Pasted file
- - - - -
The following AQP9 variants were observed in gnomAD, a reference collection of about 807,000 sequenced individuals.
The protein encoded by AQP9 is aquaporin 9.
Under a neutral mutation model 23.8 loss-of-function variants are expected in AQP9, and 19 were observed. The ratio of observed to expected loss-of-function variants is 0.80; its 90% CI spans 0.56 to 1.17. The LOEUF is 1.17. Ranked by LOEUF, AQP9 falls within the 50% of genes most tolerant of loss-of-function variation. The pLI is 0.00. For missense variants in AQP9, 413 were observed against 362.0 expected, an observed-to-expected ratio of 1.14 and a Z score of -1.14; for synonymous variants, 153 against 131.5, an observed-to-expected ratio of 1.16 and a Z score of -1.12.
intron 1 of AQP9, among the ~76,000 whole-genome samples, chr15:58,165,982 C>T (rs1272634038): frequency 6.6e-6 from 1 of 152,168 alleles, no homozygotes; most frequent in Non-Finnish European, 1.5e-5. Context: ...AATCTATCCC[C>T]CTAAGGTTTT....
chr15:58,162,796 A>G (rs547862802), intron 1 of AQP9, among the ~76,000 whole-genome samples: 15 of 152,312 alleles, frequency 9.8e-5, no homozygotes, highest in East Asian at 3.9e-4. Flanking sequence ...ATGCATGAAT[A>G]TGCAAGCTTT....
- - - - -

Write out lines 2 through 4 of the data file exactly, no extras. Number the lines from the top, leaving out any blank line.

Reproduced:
The protein encoded by AQP9 is aquaporin 9.
Under a neutral mutation model 23.8 loss-of-function variants are expected in AQP9, and 19 were observed. The ratio of observed to expected loss-of-function variants is 0.80; its 90% CI spans 0.56 to 1.17. The LOEUF is 1.17. Ranked by LOEUF, AQP9 falls within the 50% of genes most tolerant of loss-of-function variation. The pLI is 0.00. For missense variants in AQP9, 413 were observed against 362.0 expected, an observed-to-expected ratio of 1.14 and a Z score of -1.14; for synonymous variants, 153 against 131.5, an observed-to-expected ratio of 1.16 and a Z score of -1.12.
intron 1 of AQP9, among the ~76,000 whole-genome samples, chr15:58,165,982 C>T (rs1272634038): frequency 6.6e-6 from 1 of 152,168 alleles, no homozygotes; most frequent in Non-Finnish European, 1.5e-5. Context: ...AATCTATCCC[C>T]CTAAGGTTTT....